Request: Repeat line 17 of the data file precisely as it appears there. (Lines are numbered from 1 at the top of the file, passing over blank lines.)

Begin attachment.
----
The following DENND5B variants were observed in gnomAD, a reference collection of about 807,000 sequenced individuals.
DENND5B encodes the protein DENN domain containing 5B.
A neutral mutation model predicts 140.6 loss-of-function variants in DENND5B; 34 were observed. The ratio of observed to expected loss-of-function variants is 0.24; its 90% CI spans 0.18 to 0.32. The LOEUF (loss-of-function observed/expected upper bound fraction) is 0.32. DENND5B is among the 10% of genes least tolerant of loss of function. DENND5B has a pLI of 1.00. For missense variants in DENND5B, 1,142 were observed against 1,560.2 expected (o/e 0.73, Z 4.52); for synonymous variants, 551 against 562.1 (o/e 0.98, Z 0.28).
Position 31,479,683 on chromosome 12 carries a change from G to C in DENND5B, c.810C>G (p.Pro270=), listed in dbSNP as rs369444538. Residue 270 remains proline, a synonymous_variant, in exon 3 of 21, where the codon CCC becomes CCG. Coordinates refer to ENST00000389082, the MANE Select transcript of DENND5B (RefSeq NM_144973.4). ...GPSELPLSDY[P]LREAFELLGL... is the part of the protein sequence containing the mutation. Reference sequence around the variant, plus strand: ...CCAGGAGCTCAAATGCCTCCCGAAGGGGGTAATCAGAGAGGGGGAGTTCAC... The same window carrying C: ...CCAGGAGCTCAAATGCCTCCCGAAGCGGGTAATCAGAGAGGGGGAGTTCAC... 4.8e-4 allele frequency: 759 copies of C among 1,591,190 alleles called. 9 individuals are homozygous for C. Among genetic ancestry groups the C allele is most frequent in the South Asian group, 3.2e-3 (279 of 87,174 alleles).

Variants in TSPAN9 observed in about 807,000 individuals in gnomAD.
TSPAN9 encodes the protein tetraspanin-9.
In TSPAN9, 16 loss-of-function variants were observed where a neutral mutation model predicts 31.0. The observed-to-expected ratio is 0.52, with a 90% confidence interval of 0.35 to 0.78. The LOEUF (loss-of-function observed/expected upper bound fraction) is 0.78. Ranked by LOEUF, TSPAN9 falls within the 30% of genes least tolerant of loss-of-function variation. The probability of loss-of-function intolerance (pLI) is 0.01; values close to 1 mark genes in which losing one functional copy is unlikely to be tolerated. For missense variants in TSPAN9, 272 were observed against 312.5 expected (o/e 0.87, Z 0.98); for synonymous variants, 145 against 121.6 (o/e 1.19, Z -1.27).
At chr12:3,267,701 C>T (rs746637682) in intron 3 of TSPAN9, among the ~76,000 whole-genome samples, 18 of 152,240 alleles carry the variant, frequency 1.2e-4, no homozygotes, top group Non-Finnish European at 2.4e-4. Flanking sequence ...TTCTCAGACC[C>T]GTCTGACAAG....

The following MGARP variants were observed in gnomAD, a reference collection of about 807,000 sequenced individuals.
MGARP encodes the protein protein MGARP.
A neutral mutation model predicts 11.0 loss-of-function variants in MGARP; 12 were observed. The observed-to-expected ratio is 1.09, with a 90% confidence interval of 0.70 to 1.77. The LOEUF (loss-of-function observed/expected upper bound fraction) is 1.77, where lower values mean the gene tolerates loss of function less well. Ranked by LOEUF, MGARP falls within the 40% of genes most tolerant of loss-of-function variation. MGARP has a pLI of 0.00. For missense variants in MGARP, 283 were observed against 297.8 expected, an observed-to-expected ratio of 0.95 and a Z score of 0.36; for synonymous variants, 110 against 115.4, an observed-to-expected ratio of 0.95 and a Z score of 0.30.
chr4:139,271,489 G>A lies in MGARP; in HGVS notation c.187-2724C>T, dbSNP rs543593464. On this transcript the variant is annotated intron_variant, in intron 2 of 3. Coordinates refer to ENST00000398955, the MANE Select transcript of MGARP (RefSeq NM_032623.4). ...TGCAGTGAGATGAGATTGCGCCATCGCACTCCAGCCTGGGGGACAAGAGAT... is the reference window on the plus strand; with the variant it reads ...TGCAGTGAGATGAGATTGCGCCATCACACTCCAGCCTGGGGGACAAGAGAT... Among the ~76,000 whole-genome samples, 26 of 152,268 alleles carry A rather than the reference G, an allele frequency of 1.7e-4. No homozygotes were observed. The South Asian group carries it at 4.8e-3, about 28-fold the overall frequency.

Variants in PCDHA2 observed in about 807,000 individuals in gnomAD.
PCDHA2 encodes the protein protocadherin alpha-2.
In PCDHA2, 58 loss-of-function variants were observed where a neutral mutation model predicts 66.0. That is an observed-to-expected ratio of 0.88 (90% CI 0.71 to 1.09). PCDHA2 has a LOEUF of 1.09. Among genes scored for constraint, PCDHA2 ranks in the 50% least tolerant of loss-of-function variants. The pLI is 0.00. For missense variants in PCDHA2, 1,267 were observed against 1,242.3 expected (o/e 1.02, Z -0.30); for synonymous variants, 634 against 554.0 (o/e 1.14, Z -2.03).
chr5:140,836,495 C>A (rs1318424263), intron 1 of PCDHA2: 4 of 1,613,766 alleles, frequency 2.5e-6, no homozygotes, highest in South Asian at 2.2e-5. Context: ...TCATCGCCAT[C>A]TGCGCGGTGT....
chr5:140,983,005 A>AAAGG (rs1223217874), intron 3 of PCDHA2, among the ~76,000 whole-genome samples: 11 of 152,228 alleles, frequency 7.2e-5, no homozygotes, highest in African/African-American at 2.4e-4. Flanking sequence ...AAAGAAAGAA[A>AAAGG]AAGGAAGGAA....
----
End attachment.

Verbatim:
chr5:140,983,005 A>AAAGG (rs1223217874), intron 3 of PCDHA2, among the ~76,000 whole-genome samples: 11 of 152,228 alleles, frequency 7.2e-5, no homozygotes, highest in African/African-American at 2.4e-4. Flanking sequence ...AAAGAAAGAA[A>AAAGG]AAGGAAGGAA....